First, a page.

Lots to write about this month, with our trip to Cologne to see some of my favourite artists’ work. But first, before Cologne, we visited exhibitions in London.
The Wellcome Collection to see ‘Ayurvedic Man: Encounters With Indian medicine’. A fascinating exhibition in which I loved the gouache paintings in particular.
I hadn’t heard of the American artist Eric Fischl, but my husband knew of him and as this was his first London show I wanted to see it. What a surprise – first a beautiful gallery space, the Skarstedt in Bennet Street, St James. (another gallery I could easily live in!). I really loved the work, the handout explains that Fischl likes to freeze the moment of suburban life, leaving the onlooker to decide what has or is happening or about to happen! Large canvases with wonderful brush marks & paint used so confidently, it was so good to stand and take the experience in.
Next to the Royal Academy to see ‘Charles 1 King and Collector’. Very crowded! Looking at paintings four people deep is not the way to appreciate them. But what a collection the King had – Titian, Mantegna, Holbein, Durer, etc. It was also fascinating to see what the King paid for them…a shame I didn’t make a note of the prices. I liked two paintings by Hans Holbein the younger of Charles 1st and the other of Anne Cresacre. Another by Anthony van Dyke of Charles V with his dog. In another a wonderful interpretation of dress fabrics in Queen Henrietta and Jeffery Hudson. Sadly, with blockbuster shows, the major London galleries are often no longer enjoyable to visit.
On the 11th April, one of my favourite artists sadly died – Gillian Ayres. I have managed to see most of her London exhibitions and I have lots of her catalogues. It has always been a joy to see her love of colour, dancing shapes and brush marks which make me feel so happy. I will really miss her.
Now for our trip to Cologne to see so many of my favourite paintings. Where to begin….we visited three museums. Museum Ludwig in Cologne. Kunst Sammalung in Dusseldorf. and Kunstmuseum in Bonn.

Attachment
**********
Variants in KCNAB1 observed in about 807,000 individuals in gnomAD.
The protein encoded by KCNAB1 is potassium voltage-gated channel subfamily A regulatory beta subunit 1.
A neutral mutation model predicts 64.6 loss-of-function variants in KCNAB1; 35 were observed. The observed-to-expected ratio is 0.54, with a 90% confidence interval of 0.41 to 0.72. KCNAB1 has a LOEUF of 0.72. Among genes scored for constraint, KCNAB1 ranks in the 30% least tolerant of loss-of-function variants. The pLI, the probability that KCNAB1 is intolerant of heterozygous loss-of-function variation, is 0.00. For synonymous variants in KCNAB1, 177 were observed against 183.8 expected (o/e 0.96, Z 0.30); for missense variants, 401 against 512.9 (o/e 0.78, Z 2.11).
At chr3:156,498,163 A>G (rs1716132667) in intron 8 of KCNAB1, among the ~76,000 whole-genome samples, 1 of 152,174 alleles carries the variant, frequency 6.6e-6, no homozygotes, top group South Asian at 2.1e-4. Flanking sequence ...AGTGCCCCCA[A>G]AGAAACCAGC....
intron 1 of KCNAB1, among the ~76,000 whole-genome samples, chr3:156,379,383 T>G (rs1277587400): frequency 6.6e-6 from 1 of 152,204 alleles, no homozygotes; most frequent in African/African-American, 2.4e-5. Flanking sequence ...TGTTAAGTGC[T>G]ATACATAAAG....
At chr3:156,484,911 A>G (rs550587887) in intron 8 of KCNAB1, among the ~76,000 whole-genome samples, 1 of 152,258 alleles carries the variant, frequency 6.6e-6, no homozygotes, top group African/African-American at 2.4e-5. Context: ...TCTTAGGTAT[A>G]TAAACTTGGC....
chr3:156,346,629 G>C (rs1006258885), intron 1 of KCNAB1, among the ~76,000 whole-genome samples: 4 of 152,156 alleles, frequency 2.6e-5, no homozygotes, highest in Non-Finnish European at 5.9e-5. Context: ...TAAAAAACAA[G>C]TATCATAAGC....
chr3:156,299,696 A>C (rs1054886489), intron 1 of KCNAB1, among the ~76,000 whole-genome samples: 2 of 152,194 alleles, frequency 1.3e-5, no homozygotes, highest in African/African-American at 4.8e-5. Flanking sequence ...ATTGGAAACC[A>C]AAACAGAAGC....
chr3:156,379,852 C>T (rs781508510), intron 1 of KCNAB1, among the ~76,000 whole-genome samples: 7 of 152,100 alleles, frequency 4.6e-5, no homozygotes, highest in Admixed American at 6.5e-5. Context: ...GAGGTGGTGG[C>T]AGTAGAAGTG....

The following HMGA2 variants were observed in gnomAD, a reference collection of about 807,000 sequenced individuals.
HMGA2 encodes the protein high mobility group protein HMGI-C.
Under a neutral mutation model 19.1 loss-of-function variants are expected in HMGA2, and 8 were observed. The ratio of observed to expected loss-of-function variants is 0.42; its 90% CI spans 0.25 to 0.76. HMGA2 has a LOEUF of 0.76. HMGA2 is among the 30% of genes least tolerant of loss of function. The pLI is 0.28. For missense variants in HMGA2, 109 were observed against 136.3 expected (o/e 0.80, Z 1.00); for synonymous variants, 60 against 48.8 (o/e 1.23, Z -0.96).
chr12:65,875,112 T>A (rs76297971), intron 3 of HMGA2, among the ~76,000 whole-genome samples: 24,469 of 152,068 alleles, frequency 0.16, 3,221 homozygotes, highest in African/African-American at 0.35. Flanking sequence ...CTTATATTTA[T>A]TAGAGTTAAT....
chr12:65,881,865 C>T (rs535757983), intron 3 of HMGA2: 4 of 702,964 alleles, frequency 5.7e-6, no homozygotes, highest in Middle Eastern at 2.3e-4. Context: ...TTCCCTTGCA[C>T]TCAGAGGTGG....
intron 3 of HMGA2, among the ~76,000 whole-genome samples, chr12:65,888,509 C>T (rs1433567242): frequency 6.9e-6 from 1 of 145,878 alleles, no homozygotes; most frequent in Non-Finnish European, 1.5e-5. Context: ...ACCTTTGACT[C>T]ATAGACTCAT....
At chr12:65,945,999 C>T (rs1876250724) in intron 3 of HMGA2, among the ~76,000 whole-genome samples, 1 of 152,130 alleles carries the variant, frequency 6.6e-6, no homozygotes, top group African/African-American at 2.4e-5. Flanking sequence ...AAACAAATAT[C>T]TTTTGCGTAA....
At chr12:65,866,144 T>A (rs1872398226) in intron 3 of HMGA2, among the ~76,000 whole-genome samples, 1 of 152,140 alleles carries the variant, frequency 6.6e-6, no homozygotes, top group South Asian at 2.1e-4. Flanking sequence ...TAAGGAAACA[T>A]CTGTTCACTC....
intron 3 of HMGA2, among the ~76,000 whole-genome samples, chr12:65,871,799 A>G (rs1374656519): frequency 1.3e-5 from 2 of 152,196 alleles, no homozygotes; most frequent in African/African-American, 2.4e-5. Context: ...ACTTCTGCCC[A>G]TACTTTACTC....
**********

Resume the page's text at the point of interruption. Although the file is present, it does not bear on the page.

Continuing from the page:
Ernst Kirchner Alexej Von Jawlensky
August Macke Franz Marc
Francis Picabia Pablo Picasso
Pablo Picasso Paul Klee
Pierre Bonnard Henri Matisse
Wassily Kandinsky Natalia Goncharova
Max Beckmann Jean Dubuffet
Ernst Wilhelm Nay Gerhard Richter
Arman George Segal
Antoni Tapies Marisol
Cologne was one of the most heavily bombed cities in Germany during World War II, reducing the population by 95% and destroying almost the entire city. The resulting post-war rebuilding is extremely mixed, not attractive at all and somewhat brutal. The Cathedral was badly damaged but it remained standing in an otherwise flattened city. It’s the largest Gothic church in Northern Europe & has the second tallest twin spires. While we were there the exterior was being cleaned and it desperately needed it, looking so black – I guess from pollution. Inside there is a beautiful modern stained glass window by Gerhard Richter and while we were there, with such good weather, the sun shining through created a colourful ‘carpet’. on the floor.
We visited the Cologne art Fair, but didn’t enjoy this at all. We felt that viewing art as if in a market on unending white screens took away the artists ideas and it all became as if one, with the galleries seeming more important than the ‘art’.
It was a good trip & I would highly recommend going away by train. It’s hard to believe once on the train at St Pancras we were in our rented Cologne apartment 4 hours later.